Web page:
***This post was written a few weeks ago when my daughter was still in school***

Apparently my daughter likes preschool.

At least that’s what the teachers tell me.

I have never actually seen her experience this joy but I’ll trust them.

I hear about her love of friends, putting crafts together, playing in the pretend kitchen, but when I show up the fun stops.

At the Christmas party all of the kids stood in front of the parents singing away while Caroline was in my lap burying her head.

At the Valentine’s Day party, she wouldn’t leave my lap for the group picture.

And at the end of the school year party she wouldn’t sing, get in a picture, or put on the decorated class shirt.

Notice all of the other kids wearing similar shirts?

 Guess who refused to put one on?

You could look at this as she’s asserting her independence, not following the crowd, thinking on her own, or maybe even that she has good fashion sense.

The teacher kept saying, “She’s a real pistol.”

When asked why she didn’t want to put her shirt on Caroline said, “I’m brave.”

Whether or not she understands what that means you do have to admit she is pretty brave.

Imagine staring down and refusing to follow the directions of two fifty year old women when you only stand 32 inches tall all the while ignoring your mommy’s suggestions for putting the shirt on and being in the class picture.

Yes, I think she’s definitely asserting her independence.

Oh, and¬† she’s certainly a little pistol.

3 thoughts on “Preschool

  1. I love her reasoning for not doing things. The other day at McDonald’s she was sitting across from me at the table and she ate all her fries and then just starting eating mine. I didn’t notice at first but when I caught her I said,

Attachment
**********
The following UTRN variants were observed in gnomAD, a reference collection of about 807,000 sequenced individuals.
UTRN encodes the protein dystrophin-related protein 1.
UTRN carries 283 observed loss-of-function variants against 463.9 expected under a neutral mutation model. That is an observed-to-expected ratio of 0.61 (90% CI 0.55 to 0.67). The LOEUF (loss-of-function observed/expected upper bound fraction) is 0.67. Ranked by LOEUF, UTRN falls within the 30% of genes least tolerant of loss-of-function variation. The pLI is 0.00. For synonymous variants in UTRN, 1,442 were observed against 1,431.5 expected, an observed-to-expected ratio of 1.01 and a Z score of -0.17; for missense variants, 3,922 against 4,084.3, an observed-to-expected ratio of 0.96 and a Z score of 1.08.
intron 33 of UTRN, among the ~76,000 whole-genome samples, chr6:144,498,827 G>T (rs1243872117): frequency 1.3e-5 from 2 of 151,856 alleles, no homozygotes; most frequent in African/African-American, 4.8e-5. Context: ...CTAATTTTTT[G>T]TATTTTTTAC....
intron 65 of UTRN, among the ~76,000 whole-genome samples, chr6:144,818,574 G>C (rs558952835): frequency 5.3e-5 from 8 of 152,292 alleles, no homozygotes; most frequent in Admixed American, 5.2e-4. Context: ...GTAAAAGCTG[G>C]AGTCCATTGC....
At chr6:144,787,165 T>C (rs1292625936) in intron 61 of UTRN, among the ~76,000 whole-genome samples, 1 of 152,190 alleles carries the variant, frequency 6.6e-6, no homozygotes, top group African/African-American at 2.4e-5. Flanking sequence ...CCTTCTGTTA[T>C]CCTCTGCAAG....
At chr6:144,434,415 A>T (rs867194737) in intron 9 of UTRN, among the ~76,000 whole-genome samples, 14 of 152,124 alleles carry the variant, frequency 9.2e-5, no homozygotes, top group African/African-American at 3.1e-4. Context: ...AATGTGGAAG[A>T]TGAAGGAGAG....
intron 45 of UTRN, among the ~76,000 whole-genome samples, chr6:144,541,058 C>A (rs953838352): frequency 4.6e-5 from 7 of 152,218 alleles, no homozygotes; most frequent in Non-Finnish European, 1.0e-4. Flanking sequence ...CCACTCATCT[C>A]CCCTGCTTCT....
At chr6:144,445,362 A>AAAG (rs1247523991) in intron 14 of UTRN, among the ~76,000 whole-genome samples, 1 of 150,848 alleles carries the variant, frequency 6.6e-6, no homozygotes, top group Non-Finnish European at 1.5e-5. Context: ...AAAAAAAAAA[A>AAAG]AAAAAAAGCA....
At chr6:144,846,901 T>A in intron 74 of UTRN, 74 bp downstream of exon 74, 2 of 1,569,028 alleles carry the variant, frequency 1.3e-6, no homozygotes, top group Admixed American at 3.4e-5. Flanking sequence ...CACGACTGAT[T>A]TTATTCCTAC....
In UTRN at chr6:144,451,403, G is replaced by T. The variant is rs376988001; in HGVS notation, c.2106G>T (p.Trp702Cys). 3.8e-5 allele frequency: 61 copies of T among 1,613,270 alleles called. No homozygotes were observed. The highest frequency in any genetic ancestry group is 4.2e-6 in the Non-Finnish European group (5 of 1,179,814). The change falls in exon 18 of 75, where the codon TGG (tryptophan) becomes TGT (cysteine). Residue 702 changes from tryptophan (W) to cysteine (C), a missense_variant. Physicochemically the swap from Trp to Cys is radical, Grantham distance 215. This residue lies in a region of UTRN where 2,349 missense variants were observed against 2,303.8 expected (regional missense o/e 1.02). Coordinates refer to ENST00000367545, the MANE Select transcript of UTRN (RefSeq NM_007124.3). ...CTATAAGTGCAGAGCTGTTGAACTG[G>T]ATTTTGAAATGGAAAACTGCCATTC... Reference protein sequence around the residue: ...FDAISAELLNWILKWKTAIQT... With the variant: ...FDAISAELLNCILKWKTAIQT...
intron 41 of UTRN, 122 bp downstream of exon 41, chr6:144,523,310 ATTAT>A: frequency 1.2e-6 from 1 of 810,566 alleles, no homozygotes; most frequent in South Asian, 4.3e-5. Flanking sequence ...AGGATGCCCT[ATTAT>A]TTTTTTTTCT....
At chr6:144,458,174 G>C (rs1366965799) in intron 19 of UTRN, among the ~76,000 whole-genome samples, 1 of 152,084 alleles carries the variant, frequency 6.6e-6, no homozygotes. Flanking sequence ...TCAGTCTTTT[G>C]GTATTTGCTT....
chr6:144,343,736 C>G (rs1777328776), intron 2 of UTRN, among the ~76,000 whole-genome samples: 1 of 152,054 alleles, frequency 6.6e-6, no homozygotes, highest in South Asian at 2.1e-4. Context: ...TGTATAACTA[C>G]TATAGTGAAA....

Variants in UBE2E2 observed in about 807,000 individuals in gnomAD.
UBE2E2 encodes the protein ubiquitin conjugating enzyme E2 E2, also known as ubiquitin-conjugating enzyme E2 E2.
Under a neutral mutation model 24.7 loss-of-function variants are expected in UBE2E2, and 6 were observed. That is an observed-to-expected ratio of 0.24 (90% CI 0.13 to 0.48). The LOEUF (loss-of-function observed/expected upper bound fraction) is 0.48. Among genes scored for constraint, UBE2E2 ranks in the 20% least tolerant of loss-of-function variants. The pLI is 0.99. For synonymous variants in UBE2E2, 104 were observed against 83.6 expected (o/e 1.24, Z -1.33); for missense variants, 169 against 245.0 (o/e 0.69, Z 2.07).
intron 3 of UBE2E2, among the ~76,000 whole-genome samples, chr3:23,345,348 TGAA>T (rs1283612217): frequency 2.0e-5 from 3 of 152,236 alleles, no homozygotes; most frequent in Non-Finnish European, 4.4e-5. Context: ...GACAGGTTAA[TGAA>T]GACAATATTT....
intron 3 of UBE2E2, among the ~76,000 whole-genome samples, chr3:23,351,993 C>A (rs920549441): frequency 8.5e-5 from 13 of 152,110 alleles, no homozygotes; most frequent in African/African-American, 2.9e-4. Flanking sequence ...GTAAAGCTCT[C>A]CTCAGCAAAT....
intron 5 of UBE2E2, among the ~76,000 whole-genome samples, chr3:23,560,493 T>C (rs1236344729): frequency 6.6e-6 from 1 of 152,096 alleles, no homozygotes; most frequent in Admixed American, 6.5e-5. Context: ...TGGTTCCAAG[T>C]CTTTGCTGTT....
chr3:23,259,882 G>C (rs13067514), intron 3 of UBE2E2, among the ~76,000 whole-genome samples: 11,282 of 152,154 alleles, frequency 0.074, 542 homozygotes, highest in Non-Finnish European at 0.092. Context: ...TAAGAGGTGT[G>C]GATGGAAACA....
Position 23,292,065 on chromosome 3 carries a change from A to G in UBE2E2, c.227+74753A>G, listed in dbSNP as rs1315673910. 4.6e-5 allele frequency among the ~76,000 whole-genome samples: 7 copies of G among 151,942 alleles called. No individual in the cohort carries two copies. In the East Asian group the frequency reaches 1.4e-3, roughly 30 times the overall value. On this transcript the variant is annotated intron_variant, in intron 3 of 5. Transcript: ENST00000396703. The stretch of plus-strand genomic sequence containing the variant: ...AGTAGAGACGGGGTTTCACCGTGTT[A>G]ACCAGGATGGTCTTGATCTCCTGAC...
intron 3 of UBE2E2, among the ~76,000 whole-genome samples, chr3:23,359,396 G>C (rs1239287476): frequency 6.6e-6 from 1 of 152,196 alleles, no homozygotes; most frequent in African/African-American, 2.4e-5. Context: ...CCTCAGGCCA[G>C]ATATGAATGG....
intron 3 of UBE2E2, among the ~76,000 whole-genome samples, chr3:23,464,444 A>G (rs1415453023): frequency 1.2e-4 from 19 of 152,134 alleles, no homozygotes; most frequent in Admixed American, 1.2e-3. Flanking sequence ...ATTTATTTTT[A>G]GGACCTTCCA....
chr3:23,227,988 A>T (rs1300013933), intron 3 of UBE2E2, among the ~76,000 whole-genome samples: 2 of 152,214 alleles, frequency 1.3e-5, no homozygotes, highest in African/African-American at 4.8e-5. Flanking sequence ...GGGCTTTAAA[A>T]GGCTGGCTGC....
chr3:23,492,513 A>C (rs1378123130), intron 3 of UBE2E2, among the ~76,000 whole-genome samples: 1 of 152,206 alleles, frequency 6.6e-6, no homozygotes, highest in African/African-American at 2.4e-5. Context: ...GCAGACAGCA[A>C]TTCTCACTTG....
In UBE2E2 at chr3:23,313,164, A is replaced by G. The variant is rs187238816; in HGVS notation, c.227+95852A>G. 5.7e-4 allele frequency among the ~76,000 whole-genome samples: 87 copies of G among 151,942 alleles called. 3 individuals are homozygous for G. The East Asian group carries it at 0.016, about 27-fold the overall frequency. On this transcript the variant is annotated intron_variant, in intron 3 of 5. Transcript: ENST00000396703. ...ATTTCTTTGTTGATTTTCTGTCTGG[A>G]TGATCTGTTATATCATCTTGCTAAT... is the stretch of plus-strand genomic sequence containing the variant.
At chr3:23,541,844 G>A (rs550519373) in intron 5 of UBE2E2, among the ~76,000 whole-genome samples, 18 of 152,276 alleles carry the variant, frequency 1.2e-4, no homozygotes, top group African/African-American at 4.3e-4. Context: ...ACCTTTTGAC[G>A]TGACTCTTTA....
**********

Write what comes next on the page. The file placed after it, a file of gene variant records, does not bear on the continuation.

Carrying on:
“Hey, what are doing?”

    “I’m sharing” she told me.

  2. Wow! Does that bring back memories about a similar child who marched to her own drummer. When I brought up the topic at a parent-education group one day when the little girl was four, the leader said, “that same stubbornness or sense of self will make her great one day.”and you know what she was right. She was always testing limits within herself and around her and she was very “brave”. Though I have marveled at the more tractable children who seem to take after my husband, you know you are really “parenting” when you have a child with a strong will and it takes every ounce of your creative skills to survive. I was “lucky” enough to have two. And remember, the apple does not fall far from the tree and books have been written about these children. Rarely, do parenting books focus on “parenting the wonderful child who when given two choices picked by you always chooses one.” If you have no clue after reading this description and are very smug about your parenting skills. Wait till number two or three.

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